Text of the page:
– Disclose Performance Target Levels Whenever Possible
– Make Benchmarking Disclosure Meaningful
– Provide the Whole Termination and Change-in-Control Picture
– Maximize the Utility of the Compensation Tables
– Staff Affirms “No-Sale” for Restricted Stock
– Use of S-3ASR instead of S-8 to Register Stock Plan?
– Rule 14a-8 Proof of “Record” Ownership—Staff Says No to Investment Advisor Affirmation
– Filing Form T-1 After S-3 Effectiveness—Don’t Use Form 8-K
– Updating the Exhibit 5 Legality Opinion at Each Shelf Takedown
– California’s Listed Issuers/Securities Exemptions Updated
– Rule 144—Acting in Concert Under a 401(k) Plan

– Broc Romanek

September 25, 2007

Loss of Broker Non-Votes: Ain’t Happening for the ’08 Proxy Season

Yesterday, the NYSE sent an email to listed companies informing them that Rule 452 won’t be revised to eliminate broker discretionary voting in director elections for next proxy season. Previously, it was the NYSE’s stated intention to have the rule change in place and effective by January 1, 2008. As could be expected, the NYSE’s proposal is being considered by the SEC as part of the broader range of issues relating to the SEC’s own shareholder communications and proxy access proposals.

John White on CD&A, etc.

Don’t forget the keynote presentation by John White, the Director of the SEC’s Division of Corporation Finance at the “Tackling Your 2008 Compensation Disclosures: The 2nd Annual Proxy Disclosure Conference.” The Conference is two weeks from today; don’t procrastinate any further.

Also, Paula Dubberly – an SEC Associate Director and one of the primary authors of the SEC’s executive compensation rules – will be sitting on five panels during this critical Conference.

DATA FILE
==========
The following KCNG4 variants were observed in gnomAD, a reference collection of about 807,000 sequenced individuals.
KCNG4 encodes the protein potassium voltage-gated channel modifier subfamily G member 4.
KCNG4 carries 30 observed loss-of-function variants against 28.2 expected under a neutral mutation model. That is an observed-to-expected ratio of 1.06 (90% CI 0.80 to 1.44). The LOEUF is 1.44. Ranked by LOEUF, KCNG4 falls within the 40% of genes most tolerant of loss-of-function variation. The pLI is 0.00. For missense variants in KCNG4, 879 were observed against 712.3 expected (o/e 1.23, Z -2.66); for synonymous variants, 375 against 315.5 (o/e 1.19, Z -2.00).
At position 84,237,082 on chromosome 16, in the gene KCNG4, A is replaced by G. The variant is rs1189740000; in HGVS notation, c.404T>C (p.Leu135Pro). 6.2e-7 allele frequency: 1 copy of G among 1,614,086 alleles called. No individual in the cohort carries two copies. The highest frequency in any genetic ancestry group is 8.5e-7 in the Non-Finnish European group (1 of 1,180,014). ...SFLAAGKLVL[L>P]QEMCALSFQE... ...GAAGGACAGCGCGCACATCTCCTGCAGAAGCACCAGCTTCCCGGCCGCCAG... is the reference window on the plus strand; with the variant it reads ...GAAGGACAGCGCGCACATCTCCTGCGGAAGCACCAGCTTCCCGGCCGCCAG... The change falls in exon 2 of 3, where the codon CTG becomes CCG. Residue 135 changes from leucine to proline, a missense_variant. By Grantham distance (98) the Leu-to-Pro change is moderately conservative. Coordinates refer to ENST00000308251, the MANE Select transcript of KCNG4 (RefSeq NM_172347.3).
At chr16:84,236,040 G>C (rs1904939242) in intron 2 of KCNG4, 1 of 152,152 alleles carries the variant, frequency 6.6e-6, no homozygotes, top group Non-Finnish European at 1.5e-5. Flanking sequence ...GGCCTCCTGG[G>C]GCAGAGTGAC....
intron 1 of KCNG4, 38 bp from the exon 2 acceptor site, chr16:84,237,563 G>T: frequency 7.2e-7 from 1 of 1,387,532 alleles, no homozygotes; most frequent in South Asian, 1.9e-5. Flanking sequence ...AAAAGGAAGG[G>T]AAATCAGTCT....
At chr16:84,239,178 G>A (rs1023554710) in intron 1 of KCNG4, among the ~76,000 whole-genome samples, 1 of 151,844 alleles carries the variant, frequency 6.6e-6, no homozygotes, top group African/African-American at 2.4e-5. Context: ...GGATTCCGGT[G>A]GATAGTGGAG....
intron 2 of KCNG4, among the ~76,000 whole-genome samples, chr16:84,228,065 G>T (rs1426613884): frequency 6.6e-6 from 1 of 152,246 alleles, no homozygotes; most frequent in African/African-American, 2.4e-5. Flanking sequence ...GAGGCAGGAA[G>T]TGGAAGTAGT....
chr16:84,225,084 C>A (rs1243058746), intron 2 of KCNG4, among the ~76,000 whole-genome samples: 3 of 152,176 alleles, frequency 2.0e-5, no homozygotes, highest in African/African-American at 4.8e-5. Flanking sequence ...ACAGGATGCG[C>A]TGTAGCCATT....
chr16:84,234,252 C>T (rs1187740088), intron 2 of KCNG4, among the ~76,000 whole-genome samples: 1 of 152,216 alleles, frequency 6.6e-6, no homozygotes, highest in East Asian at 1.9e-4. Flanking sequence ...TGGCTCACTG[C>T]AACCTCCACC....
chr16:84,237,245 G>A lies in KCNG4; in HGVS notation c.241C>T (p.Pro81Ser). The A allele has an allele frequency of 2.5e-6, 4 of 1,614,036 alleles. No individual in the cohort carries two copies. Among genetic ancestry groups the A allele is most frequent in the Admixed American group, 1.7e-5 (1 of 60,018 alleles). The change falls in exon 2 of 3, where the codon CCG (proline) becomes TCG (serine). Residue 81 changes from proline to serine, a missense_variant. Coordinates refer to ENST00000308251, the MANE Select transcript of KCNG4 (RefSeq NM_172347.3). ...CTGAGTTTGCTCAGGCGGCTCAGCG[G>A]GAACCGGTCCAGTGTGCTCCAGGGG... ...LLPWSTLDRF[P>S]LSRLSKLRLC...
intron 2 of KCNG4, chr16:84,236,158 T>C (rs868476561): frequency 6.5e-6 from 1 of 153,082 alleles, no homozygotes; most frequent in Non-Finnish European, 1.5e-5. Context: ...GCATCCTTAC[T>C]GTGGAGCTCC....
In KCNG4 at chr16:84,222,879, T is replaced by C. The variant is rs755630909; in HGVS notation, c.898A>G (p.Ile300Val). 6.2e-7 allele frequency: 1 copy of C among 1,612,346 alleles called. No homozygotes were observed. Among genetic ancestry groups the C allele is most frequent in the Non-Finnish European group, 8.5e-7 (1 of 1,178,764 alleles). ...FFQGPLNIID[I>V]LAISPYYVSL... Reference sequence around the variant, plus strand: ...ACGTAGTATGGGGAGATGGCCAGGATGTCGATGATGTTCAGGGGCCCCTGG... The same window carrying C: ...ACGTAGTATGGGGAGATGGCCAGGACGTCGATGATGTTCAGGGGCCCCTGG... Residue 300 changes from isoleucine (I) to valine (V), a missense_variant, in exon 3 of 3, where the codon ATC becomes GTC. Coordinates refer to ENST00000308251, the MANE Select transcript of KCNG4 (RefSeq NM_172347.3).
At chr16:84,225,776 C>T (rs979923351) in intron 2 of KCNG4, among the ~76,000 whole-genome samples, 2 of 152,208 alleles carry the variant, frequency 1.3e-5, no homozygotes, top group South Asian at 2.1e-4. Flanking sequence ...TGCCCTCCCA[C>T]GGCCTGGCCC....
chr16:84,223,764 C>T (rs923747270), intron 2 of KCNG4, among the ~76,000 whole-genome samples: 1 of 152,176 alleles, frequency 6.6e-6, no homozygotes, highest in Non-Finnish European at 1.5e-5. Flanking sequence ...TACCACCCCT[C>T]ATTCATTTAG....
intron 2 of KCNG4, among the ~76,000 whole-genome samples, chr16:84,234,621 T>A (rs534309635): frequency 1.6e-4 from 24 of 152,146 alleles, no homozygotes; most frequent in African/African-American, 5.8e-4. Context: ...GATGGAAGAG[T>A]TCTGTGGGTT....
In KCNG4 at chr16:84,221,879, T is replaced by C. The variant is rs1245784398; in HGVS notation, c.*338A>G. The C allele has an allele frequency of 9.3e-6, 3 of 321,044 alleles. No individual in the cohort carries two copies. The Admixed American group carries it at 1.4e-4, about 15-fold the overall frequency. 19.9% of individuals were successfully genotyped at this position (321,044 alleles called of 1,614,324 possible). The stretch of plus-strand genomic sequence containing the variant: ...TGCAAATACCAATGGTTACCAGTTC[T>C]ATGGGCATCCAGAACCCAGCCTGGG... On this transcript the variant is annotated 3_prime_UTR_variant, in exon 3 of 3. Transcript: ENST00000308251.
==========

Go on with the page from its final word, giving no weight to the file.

Act Now: You can catch this critical Conference either live in San Francisco or via video webcast. Remember how practical last year’s Conference was – this year will be no different: Register today.

Member Appreciation Package”: Most folks watching this popular Conference by video webcast are taking advantage of our “Member Appreciation Package,” which enables you to catch all three of these Conferences at a much reduced rate:

– “Tackling Your 2008 Compensation Disclosures: The 2nd Annual Proxy Disclosure Conference” (10/9)
– “Hot Topics and Practical Guidance Conference: The Corporate Counsel Speaks” (10/10)
– “4th Annual Executive Compensation Conference” (10/11)

Register for the “Member Appreciation Package” online – or use this Order Form.

If you have any questions, contact us at or 925.685.5111.

Latest Developments in Capital Market Deals

Tune in tomorrow, Wednesday, September 26th for this webcast – “Latest Developments in Capital Market Deals” – to learn about all the latest deal trends and developments featuring these experts:

– Jon Abram, Partner, Dorsey & Whitney
– Robert Hayward, Partner, Kirkland & Ellis
– Michael Kaplan, Partner, Davis Polk & Wardwell
– Erika Robinson, Partner, WilmerHale
– Robert Santangelo, Managing Director, Credit Suisse

– Broc Romanek

September 24, 2007

Some Notable Credit Crunch Disclosures and Developments…

Despite the Fed’s reduction in interest rates last week, a number of deals are in trouble and have produced some interesting developments and disclosures. As a result, caselaw regarding MAC clauses and other merger provisions will likely be fleshed out over the next year (remember the September-October issue of the Deal Lawyers print newsletter opens with a related piece: “The ‘Downturn’ Roadmap: Parsing the Shift in Deal Terms”).

Here are some of the notable developments and disclosures:

1. Harman International’s Form 8-K – According to this article, late Friday, Goldman Sachs and Kohlberg Kravis Roberts scuttled their pending $8 billion buyout of Harman International after discovering details about Harman that raised concerns about its business. You may recall that this deal was one of the first to introduce “stub equity.”